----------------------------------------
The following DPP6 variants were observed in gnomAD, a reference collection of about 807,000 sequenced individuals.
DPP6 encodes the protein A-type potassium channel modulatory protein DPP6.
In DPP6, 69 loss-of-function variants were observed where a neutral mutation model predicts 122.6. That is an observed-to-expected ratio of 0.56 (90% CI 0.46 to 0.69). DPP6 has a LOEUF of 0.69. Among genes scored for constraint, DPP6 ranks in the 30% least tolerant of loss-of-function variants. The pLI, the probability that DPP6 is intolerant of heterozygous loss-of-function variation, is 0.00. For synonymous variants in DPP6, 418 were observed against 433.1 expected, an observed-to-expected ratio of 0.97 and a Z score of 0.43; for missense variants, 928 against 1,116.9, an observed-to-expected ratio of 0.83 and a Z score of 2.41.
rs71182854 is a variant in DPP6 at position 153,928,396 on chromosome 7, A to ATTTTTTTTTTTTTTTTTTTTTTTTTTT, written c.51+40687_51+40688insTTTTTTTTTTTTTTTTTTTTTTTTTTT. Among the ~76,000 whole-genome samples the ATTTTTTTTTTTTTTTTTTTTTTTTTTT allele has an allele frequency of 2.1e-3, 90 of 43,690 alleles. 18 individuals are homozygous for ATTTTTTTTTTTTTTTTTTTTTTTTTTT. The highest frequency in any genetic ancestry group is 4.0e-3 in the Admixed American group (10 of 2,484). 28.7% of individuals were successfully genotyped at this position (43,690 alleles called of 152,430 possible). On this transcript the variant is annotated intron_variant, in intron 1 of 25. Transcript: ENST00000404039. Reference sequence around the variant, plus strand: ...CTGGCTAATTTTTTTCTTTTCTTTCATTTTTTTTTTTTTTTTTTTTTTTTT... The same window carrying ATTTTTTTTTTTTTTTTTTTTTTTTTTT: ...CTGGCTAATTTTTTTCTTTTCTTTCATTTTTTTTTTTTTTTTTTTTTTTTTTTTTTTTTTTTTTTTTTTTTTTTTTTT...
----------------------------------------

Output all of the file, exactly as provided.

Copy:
The following DPP6 variants were observed in gnomAD, a reference collection of about 807,000 sequenced individuals.
DPP6 encodes the protein A-type potassium channel modulatory protein DPP6.
In DPP6, 69 loss-of-function variants were observed where a neutral mutation model predicts 122.6. That is an observed-to-expected ratio of 0.56 (90% CI 0.46 to 0.69). DPP6 has a LOEUF of 0.69. Among genes scored for constraint, DPP6 ranks in the 30% least tolerant of loss-of-function variants. The pLI, the probability that DPP6 is intolerant of heterozygous loss-of-function variation, is 0.00. For synonymous variants in DPP6, 418 were observed against 433.1 expected, an observed-to-expected ratio of 0.97 and a Z score of 0.43; for missense variants, 928 against 1,116.9, an observed-to-expected ratio of 0.83 and a Z score of 2.41.
rs71182854 is a variant in DPP6 at position 153,928,396 on chromosome 7, A to ATTTTTTTTTTTTTTTTTTTTTTTTTTT, written c.51+40687_51+40688insTTTTTTTTTTTTTTTTTTTTTTTTTTT. Among the ~76,000 whole-genome samples the ATTTTTTTTTTTTTTTTTTTTTTTTTTT allele has an allele frequency of 2.1e-3, 90 of 43,690 alleles. 18 individuals are homozygous for ATTTTTTTTTTTTTTTTTTTTTTTTTTT. The highest frequency in any genetic ancestry group is 4.0e-3 in the Admixed American group (10 of 2,484). 28.7% of individuals were successfully genotyped at this position (43,690 alleles called of 152,430 possible). On this transcript the variant is annotated intron_variant, in intron 1 of 25. Transcript: ENST00000404039. Reference sequence around the variant, plus strand: ...CTGGCTAATTTTTTTCTTTTCTTTCATTTTTTTTTTTTTTTTTTTTTTTTT... The same window carrying ATTTTTTTTTTTTTTTTTTTTTTTTTTT: ...CTGGCTAATTTTTTTCTTTTCTTTCATTTTTTTTTTTTTTTTTTTTTTTTTTTTTTTTTTTTTTTTTTTTTTTTTTTT...